While most trustees handle the obligations of their SMSF with competence, some are not suited to or are unable to fulfil the role, technical services manager at AET Julie Steed said at the Institute of Chartered Accountants Australia (ICAA) National SMSF conference in Melbourne last week.
“SAFs are an alternative for clients looking for the flexibility of an SMSF… without the burden of being a trustee, the commitment and time involved with administration of the fund or the associated compliance risk,” Ms Steed said.
“The SMSF sector is [known as] the fastest growing sector of the superannuation industry… SAFs are not as prevalent as SMSFs and in many instances this is due to a lack of awareness of their existence and benefits,” she added.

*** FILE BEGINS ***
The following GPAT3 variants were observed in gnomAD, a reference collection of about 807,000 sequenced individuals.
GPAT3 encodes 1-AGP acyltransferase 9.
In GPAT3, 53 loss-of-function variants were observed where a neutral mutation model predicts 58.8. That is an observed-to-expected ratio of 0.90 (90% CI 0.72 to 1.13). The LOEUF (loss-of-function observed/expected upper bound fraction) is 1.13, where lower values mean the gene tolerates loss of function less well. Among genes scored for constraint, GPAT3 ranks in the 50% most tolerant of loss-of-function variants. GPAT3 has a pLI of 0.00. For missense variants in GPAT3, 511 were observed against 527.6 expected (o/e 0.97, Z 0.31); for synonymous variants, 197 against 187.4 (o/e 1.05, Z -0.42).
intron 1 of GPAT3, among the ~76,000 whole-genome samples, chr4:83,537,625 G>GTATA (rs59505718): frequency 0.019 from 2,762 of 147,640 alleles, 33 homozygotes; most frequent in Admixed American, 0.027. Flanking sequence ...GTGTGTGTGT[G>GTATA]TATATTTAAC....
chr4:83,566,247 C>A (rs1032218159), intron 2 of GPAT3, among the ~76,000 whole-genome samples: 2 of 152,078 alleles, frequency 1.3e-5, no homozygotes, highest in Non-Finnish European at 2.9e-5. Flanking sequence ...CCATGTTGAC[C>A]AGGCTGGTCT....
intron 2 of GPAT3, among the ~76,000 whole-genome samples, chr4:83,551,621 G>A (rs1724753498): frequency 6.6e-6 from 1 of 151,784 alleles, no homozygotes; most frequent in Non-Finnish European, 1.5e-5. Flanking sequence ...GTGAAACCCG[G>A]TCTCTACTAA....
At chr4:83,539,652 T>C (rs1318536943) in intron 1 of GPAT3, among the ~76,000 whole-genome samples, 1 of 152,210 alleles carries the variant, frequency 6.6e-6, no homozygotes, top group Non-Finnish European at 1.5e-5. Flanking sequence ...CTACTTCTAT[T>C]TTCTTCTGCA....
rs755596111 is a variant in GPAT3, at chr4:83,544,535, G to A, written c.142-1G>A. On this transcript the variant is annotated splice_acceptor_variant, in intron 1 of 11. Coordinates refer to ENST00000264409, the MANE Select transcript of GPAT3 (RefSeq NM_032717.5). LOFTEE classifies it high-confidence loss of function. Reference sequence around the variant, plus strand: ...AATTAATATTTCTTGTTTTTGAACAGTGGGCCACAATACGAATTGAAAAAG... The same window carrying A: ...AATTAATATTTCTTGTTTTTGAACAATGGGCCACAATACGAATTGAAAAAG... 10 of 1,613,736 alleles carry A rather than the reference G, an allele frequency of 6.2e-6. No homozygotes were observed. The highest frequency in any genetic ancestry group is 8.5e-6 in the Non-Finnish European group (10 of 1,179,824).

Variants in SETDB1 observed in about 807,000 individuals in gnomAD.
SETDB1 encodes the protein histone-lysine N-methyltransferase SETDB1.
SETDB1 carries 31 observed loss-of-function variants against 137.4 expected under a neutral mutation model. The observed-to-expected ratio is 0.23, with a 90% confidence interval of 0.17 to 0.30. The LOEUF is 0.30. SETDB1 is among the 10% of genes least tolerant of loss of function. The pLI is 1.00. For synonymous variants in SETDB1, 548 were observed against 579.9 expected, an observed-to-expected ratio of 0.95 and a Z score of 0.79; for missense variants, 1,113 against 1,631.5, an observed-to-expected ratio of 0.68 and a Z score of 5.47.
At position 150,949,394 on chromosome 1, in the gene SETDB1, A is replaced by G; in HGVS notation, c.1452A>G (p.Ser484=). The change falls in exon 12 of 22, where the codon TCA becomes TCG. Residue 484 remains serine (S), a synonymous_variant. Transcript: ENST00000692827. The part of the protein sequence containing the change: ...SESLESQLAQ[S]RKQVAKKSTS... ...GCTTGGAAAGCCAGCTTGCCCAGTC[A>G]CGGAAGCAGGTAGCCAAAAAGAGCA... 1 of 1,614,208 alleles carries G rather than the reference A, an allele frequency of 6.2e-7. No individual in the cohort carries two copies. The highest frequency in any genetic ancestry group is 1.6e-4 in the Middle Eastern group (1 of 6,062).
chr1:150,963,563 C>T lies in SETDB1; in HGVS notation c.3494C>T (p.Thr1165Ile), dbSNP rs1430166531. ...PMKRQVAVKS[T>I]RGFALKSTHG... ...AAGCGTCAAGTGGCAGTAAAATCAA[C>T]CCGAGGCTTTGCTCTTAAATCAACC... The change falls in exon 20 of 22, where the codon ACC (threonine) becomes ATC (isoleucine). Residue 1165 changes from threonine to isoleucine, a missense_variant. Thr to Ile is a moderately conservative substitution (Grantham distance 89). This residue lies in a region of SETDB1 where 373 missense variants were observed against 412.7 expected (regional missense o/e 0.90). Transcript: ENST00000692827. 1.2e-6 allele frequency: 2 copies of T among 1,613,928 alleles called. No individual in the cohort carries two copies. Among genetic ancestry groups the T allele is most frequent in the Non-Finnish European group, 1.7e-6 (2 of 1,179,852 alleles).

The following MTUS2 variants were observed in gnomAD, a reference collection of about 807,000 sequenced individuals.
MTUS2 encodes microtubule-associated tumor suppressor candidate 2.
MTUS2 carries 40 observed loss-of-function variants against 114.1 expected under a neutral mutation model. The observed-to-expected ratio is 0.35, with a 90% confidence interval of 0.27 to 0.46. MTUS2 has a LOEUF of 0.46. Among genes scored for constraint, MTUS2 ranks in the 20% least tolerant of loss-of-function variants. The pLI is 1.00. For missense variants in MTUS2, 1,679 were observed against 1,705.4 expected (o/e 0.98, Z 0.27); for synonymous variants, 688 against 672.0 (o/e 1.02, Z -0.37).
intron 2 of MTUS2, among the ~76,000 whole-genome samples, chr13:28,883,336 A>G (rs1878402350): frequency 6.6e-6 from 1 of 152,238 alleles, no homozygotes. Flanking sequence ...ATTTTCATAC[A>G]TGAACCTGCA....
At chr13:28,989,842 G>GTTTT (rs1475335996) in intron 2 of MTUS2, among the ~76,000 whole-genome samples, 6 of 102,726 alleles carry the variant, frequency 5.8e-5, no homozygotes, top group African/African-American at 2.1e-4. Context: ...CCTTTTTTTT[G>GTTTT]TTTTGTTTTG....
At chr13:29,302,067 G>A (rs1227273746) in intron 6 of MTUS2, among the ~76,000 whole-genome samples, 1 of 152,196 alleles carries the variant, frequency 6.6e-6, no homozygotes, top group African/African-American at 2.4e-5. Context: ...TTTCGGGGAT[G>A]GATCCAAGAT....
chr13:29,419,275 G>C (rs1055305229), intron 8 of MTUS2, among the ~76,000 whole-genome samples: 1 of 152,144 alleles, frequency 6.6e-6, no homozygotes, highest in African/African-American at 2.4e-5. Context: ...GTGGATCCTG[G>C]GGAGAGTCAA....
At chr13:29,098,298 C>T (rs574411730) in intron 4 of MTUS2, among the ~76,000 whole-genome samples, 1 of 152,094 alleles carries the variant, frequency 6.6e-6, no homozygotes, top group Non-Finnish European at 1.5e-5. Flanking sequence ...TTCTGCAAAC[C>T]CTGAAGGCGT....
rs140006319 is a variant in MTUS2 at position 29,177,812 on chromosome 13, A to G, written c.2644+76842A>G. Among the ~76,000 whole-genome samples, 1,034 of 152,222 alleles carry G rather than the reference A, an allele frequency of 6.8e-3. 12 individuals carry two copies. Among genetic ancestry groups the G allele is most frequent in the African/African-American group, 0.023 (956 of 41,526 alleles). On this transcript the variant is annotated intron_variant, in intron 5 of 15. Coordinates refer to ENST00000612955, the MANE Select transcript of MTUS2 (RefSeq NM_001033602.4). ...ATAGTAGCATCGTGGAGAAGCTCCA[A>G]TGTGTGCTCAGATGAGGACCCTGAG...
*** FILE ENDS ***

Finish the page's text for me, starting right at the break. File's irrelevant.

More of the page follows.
With key reasons cited by trustees for SMSF establishment being control and flexibility, Ms Steed emphasised the investment flexibility and “wide investment menu” SAFs can offer, including property.
“SAFs provide all of the legislative advantages afforded to SMSFs, without the risks associated with being a trustee and of breaching legislative compliance requirements,” she said.
“If a SAF is in breach of superannuation law, any penalty imposed by APRA may be mitigated…[helping] protect arm's length members who were not involved in the decision making that gave rise to the breach of superannuation law,” Ms Steed added.
“Generally, it is difficult to apply this concession to an SMSF due to the mutuality between members and trustees.”